Like the French themselves, the Germans made no clear distinction between a "H 38" and a "H 39". The Germans fitted hatches to tanks equipped with a cupola. Some vehicles were modified to become munition carriers, artillery tractors (Artillerieschlepper 38H(f))s, or rocket-launchers (Panzerkampfwagen 35H(f) mit 28/32 cm Wurfrahmens). In 1942, 24 were converted into Marder I Panzerjägers or tank destroyers (using the 7.5 cm PaK40(Sf) auf Geschützwagen 39H(f)), and 48 into mechanised artillery, the 10.5 cm leFH18(Sf) auf Geschützwagen 39H(f). All were to be used by units in France. A special artillery observation vehicle was created, the Panzerbeobachtungswagen 38H (f). In June 1943, 361 Hotchkiss tanks were still listed in the German Army inventories as 37 mm gun tanks. This number had decreased to sixty in December 1944.
In 1943, the Germans, against objections, delivered nineteen "H 39"s to Bulgaria for training purposes when it proved to be impossible to find 25 unmodified Panzerkampfwagen Is, the type the Bulgarians really desired. After the war, these vehicles were used by police units. In 1944, the Germans delivered fifteen vehicles to Hungary and a small number to Croatia.
In North Africa, 27 vehicles (thirteen H 35s and fourteen "H 39"s) were officially serving in the 1e Régiment de Chasseurs d'Afrique and were allowed to remain there by the armistice conditions, and another five were hidden in Morocco. They fought the Allies during the opening stages of Operation Torch near Casablanca in November 1942, destroying four M3 Stuart light tanks. The regiment then joined the Allied cause and was re-equipped with M4 Shermans in the summer of 1943.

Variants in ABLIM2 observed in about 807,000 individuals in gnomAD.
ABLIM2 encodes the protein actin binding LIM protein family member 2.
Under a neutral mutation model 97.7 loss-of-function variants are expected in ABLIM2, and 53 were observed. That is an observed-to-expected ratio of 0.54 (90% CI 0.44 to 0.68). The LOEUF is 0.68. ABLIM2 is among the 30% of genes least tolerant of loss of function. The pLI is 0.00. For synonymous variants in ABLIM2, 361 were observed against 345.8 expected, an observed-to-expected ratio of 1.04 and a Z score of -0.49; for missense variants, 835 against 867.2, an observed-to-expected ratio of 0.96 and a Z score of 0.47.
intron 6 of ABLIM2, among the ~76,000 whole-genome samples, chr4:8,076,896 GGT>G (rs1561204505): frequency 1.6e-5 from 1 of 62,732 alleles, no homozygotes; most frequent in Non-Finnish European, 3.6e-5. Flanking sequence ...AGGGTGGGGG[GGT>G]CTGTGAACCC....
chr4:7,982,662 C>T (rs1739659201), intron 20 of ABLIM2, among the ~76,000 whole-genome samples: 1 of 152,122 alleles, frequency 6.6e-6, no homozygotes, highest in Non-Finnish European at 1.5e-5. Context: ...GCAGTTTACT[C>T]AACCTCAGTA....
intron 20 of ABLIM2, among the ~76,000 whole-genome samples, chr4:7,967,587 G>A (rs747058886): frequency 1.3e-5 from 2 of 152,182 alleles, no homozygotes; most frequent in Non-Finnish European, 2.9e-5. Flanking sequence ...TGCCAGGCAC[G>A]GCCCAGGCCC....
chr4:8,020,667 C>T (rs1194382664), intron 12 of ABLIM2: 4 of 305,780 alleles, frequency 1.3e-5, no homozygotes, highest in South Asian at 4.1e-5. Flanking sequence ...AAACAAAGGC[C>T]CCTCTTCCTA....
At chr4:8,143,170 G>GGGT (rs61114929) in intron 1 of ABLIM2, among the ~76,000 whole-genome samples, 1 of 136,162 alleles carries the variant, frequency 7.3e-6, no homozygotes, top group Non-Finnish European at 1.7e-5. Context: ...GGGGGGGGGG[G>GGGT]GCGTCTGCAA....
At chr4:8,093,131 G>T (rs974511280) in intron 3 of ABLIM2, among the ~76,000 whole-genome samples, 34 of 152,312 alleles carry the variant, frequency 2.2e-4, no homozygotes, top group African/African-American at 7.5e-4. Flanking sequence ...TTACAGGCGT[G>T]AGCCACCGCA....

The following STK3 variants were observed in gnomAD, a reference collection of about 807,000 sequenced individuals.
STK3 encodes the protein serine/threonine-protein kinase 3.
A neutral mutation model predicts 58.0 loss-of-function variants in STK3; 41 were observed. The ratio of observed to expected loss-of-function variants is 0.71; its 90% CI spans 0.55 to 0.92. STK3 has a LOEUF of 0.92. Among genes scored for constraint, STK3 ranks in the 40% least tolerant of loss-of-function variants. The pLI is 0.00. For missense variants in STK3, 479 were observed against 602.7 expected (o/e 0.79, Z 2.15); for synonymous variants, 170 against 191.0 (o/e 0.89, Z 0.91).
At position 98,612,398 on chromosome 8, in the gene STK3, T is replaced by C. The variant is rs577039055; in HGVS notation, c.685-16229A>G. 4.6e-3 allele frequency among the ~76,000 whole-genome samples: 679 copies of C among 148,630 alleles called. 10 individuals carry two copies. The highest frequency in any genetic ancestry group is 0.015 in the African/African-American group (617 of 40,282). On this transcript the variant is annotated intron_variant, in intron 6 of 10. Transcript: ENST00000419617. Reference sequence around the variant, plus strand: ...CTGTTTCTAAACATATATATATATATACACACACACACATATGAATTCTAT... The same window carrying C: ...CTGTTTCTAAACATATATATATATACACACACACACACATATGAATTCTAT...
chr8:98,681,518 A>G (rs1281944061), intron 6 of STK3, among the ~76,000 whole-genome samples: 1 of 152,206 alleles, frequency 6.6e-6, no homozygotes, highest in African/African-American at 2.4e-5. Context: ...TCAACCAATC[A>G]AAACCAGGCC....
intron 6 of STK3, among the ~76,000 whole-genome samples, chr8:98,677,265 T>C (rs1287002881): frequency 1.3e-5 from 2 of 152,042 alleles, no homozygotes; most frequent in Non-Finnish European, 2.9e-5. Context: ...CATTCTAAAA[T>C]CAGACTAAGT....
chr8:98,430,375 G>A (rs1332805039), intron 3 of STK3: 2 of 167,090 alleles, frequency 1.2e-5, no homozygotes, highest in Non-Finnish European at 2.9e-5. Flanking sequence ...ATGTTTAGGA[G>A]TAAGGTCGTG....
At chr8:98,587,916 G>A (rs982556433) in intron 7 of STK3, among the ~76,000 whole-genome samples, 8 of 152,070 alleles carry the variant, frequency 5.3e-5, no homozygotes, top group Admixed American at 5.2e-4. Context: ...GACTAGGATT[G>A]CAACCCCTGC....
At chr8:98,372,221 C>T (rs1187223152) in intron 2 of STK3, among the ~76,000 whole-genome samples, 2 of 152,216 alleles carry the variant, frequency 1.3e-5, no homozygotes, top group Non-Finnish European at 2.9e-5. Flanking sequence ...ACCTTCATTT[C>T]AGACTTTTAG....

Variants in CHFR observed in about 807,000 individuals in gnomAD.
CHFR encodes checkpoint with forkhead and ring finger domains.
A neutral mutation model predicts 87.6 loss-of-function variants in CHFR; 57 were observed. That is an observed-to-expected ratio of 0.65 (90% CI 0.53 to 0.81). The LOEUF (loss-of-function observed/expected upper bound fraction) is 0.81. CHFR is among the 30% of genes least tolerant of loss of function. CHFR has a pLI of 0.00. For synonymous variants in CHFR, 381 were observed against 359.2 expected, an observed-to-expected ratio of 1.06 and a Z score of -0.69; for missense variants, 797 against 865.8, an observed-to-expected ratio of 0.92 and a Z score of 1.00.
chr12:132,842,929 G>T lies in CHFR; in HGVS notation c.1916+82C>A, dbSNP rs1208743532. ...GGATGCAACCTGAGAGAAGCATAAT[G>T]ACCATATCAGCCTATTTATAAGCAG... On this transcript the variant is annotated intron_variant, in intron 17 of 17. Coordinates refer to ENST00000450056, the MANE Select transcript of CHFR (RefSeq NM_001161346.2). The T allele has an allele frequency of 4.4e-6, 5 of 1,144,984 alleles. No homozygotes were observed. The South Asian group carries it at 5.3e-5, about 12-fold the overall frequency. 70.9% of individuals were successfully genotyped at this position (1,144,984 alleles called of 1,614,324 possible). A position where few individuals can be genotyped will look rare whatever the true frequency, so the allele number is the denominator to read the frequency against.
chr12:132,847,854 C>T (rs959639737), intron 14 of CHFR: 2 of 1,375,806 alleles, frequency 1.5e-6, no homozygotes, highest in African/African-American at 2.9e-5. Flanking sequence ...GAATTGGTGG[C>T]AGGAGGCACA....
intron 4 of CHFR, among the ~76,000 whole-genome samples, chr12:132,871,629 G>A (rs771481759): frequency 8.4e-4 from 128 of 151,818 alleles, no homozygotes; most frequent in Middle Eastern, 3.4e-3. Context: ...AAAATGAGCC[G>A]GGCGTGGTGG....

After the war, some Hotchkiss tanks were used by French security forces in the colonies and occupation forces in Germany. Ten "H 39s" were clandestinely sold to Israel and shipped from Marseilles to Haifa in 1948. At least one remained in service with the IDF until 1952.
One Hotchkiss H35 and nine Hotchkiss H35s modifié 39 have survived until today. All of the modifié 39s were modified again by the Germans during WW2 . The sole surviving unmodified Hotchkiss H35 was discovered in December 2008, 200 meters off the coast, at Sainte-Cecile beach, Camiers, Pas-de-Calais, France. It is a turretless chassis, most probably a veteran of the Dunkerque gap fightings, which happened in May–June 1940. The tank was dredged in late 2008 thanks to the tide . The Musée des Blindés at Saumur plans to recover this tank in order to display it in the museum, but its recovery proves to be very difficult and costly.One Hotchkiss H35 modifié 39 tank is on display in the city square in Narvik as a memorial of the Battle of Narvik in 1940. A second vehicle, in Norway, is part of the collection of the Pansarparken at Rena Leir. In England, the private Kevin Wheatcroft Collection has bought an example from the Norwegian Arquebus Krigshistoriske Museum at Rogaland. In France itself ,the Musée des Blindés at Saumur has a vehicle in running condition. At the base of 501/503e RCC at Mourmelon-le-Grand, a Hotchkiss restored with a Renault R35 turret and fitted with a dummy gun serves as a monument. Another tank is displayed at Uzice, in Serbia. The Bulgarian National Museum of Military History displays one of the vehicles used by the Bulgarian police forces. At Latrun, in Israël, the Yad la-Shiryon Museum shows one of the tanks used by the IDF. In Russia, the tank museum of Kubinka has a Hotchkiss tank in running condition, captured from the 211th Panzerabteilung in the summer of 1944.
Sources and External Links
- Pascal Danjou, 2006, "Les Hotchkiss H35 Réarmés", Histoire de Guerre, Blindés et Matériel N°74, p. 81
- François Vauvillier, 2007, "Notre Cavalerie Mécanique à son Apogée le 10 Mai 1940", Histoire de Guerre, Blindés et Matériel, N° 75, p.49
- Panzers in Finland - Kari Kuusela, ISBN 951-97506-3-0
- "Sous le sable... un char d'assaut". Le Parisien newspaper. Retrieved 13 September 2010.
- Philip Trewhitt, Armored Fighting Vehicles. Brown Packaging Books, 1999.
- Pierre Touzin, Les véhicules blindés français, 1900-1944. EPA, 1979.
- Jean-Gabriel Jeudy, Chars de France, E.T.A.I., 1997.
- Pascal Danjou, Hotchkiss H35 / H39, Editions du Barbotin, Ballainvilliers, 2006
- WWIIvehicles.com: H35, H38, H39.
- (French) Chars-francais.net: H35, H39.